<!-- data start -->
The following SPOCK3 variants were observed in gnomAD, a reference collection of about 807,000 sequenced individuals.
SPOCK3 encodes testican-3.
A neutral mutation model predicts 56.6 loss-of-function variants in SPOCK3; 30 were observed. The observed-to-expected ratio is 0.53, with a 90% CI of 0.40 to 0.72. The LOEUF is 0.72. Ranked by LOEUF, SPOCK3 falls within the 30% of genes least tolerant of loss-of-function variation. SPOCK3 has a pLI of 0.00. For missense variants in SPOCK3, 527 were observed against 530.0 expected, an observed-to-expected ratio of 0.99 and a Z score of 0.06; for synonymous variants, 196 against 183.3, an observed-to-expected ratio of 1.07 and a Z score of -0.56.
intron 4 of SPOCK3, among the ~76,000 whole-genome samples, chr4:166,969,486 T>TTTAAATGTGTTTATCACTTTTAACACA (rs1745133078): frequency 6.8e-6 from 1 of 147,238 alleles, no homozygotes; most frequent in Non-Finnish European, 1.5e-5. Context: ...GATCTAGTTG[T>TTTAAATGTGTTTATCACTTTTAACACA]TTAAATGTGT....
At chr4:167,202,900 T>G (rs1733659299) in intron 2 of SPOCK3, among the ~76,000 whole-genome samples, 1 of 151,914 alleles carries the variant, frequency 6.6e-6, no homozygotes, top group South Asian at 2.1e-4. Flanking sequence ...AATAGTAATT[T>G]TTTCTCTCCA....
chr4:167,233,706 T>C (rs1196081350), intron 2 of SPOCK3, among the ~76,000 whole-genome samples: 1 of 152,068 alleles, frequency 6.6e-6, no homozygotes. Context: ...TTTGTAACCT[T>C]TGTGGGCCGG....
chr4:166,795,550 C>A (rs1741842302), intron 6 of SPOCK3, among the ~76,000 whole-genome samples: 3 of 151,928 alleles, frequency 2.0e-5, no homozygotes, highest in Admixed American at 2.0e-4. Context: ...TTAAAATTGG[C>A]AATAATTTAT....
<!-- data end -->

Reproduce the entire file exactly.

The following SPOCK3 variants were observed in gnomAD, a reference collection of about 807,000 sequenced individuals.
SPOCK3 encodes testican-3.
A neutral mutation model predicts 56.6 loss-of-function variants in SPOCK3; 30 were observed. The observed-to-expected ratio is 0.53, with a 90% CI of 0.40 to 0.72. The LOEUF is 0.72. Ranked by LOEUF, SPOCK3 falls within the 30% of genes least tolerant of loss-of-function variation. SPOCK3 has a pLI of 0.00. For missense variants in SPOCK3, 527 were observed against 530.0 expected, an observed-to-expected ratio of 0.99 and a Z score of 0.06; for synonymous variants, 196 against 183.3, an observed-to-expected ratio of 1.07 and a Z score of -0.56.
intron 4 of SPOCK3, among the ~76,000 whole-genome samples, chr4:166,969,486 T>TTTAAATGTGTTTATCACTTTTAACACA (rs1745133078): frequency 6.8e-6 from 1 of 147,238 alleles, no homozygotes; most frequent in Non-Finnish European, 1.5e-5. Context: ...GATCTAGTTG[T>TTTAAATGTGTTTATCACTTTTAACACA]TTAAATGTGT....
At chr4:167,202,900 T>G (rs1733659299) in intron 2 of SPOCK3, among the ~76,000 whole-genome samples, 1 of 151,914 alleles carries the variant, frequency 6.6e-6, no homozygotes, top group South Asian at 2.1e-4. Flanking sequence ...AATAGTAATT[T>G]TTTCTCTCCA....
chr4:167,233,706 T>C (rs1196081350), intron 2 of SPOCK3, among the ~76,000 whole-genome samples: 1 of 152,068 alleles, frequency 6.6e-6, no homozygotes. Context: ...TTTGTAACCT[T>C]TGTGGGCCGG....
chr4:166,795,550 C>A (rs1741842302), intron 6 of SPOCK3, among the ~76,000 whole-genome samples: 3 of 151,928 alleles, frequency 2.0e-5, no homozygotes, highest in Admixed American at 2.0e-4. Context: ...TTAAAATTGG[C>A]AATAATTTAT....